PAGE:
Further, the EA was devoid of any consideration for what effects the procedure would have to young, nursing foals and their mothers when the mothers undergo such an invasive and inhumane procedure.
Finally, the 2019 EA made no attempt to accommodate better viewing or observation and aftercare for the mares. The BLM instead asked commenters to explicitly state what they wanted in terms of observation. Even though our granted preliminary injunction (PI) motion from the 2018 EA made these needs clear, we explicitly stated what the agency should do in our comments on this EA.
Our Lawsuit Now
After defeating the 2016 plan in court with a PI, we again took to the courts in response to the 2018 plans. AWHC joined forces with The Cloud Foundation and Ginger Kathrens for this lawsuit, and now we are also joined by the Animal Welfare Institute and Carol Walker, a wild horse photographer (collectively the Plaintiffs). On September 21, 2018 Plaintiffs filed a complaint and PI in the Federal District Court of Oregon to challenge the BLM’s decision to seriously limit public access to observe and document these sterilization experiments.
The judge granted the motion for a Preliminary Injunction on two of the three counts raised in our motion. This action halted the experiments, which were scheduled to begin November 5, 2018 and the government later abandoned the experiments as a result. Shortly after this development, appropriations lapsed and the federal government shutdown. The government filed a motion to stay (pause) the case until the government was open again, and the court granted the motion.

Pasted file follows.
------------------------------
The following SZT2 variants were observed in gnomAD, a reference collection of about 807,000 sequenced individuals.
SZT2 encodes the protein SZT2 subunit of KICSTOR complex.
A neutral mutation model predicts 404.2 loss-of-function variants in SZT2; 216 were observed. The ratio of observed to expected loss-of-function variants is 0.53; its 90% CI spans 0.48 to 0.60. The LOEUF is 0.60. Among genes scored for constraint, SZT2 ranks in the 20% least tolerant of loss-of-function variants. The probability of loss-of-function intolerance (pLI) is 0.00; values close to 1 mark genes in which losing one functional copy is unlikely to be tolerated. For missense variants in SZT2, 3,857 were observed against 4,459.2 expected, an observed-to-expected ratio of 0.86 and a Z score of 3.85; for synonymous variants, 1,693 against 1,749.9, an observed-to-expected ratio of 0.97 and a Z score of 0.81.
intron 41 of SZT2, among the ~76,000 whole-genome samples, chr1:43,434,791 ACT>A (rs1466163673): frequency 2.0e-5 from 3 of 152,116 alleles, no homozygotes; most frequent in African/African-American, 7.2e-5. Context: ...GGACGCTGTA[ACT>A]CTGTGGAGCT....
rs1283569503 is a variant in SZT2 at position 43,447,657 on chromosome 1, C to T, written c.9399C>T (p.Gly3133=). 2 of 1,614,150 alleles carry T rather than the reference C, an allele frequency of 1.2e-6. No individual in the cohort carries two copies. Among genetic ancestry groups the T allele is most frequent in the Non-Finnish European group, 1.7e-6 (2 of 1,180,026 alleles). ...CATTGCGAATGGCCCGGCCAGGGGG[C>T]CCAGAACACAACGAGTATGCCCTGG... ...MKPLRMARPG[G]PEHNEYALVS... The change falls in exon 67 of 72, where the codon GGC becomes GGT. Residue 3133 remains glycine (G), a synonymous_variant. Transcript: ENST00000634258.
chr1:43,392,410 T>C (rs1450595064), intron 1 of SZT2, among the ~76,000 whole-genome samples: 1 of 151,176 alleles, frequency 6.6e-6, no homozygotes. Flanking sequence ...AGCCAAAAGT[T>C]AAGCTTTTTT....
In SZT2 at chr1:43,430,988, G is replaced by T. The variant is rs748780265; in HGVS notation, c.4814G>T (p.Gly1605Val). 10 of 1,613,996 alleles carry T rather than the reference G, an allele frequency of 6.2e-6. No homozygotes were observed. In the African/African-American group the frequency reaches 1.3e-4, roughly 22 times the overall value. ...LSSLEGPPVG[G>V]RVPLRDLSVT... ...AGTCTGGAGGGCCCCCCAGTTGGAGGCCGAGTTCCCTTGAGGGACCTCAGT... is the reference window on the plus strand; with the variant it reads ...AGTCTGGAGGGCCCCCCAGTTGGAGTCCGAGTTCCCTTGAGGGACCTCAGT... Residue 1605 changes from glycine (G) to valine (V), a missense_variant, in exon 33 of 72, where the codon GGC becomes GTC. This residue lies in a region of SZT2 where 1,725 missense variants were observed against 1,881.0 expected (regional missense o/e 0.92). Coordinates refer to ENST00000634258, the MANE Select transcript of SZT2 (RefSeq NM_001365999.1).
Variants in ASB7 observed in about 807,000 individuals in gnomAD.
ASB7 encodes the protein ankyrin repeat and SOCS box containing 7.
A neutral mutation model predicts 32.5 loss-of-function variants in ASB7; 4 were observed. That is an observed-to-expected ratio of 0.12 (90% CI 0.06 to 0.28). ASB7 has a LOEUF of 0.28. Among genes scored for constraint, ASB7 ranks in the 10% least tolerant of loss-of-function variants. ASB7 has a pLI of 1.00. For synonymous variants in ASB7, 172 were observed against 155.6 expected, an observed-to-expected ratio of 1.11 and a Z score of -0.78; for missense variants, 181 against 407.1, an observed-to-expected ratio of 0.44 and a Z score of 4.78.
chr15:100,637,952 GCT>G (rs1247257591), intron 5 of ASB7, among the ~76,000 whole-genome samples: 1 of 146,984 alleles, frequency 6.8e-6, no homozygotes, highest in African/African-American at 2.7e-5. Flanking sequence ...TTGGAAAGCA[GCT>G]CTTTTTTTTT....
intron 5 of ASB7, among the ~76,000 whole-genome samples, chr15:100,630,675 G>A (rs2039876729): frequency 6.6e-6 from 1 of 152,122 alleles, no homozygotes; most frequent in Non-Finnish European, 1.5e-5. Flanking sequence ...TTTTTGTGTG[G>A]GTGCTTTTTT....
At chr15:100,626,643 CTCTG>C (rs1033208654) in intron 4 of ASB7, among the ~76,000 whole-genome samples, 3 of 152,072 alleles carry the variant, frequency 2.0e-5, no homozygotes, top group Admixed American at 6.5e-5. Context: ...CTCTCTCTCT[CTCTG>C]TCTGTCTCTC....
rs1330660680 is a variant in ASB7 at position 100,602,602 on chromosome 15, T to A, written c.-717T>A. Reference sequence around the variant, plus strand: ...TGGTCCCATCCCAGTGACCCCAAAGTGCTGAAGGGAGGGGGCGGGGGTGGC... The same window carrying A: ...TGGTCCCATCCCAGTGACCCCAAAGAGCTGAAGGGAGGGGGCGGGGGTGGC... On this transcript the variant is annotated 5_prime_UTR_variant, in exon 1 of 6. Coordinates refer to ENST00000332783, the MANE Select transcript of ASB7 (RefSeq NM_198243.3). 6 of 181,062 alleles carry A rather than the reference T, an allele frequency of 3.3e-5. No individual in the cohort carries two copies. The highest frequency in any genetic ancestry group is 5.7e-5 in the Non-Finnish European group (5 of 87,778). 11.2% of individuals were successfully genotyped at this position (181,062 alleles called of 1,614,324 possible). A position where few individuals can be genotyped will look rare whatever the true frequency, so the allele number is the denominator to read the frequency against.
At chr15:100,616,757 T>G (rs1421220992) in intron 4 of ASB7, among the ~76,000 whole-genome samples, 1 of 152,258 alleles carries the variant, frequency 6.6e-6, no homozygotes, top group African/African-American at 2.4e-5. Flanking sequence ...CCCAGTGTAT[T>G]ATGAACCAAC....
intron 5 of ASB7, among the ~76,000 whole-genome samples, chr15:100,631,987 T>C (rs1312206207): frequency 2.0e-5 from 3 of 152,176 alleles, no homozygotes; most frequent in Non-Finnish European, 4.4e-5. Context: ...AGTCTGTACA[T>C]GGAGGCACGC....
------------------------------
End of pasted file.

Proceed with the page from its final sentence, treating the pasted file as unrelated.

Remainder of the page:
When the government reopened, the government filed a motion to dismiss the case. However, around the same time, the BLM released the 2019 EA. Since this EA implemented none of the observation considerations which granted us our PI, we decided to file a motion for a stay until the final decision was released. If the agency moved forward with a substantially similar plan like the one which the judge had just reviewed, we would want to notify the court of this event. The judge granted our motion to stay until the BLM releases its final decision. This means that our lawsuit remains on pause until we have the chance to see what, if anything, the BLM has changed in the final 2019 EA decision.
In the meantime, both parties are providing court-ordered updates on the status of the decision and the case. As of today, the BLM has not released a final decision on the 2019 EA. The next update is due in November 2019
Brieanah Schwartz is Policy Counsel for the American Wild Horse Campaign. Schwartz received her J.D. from the University of Maryland Francis King Carey School of Law in Baltimore, Maryland and graduated with a concentration in Environmental Law. She is now barred in the District of Columbia. Brieanah is responsible for advancing AWHC’s position before Congress and this administration, for producing comments that AWHC submits, and for assisting the litigation teams on all of AWHC’s active cases. A long-time lover of wild horses, she self-published a book with her photography and research on the Cumberland Island wild horses while she attended Sweet Briar College in Sweet Briar, Virginia. She currently resides in Washington, D.C. area with her horse, Eire, dogs, Lady, Drover, and Dandy, and kitten, Pippy.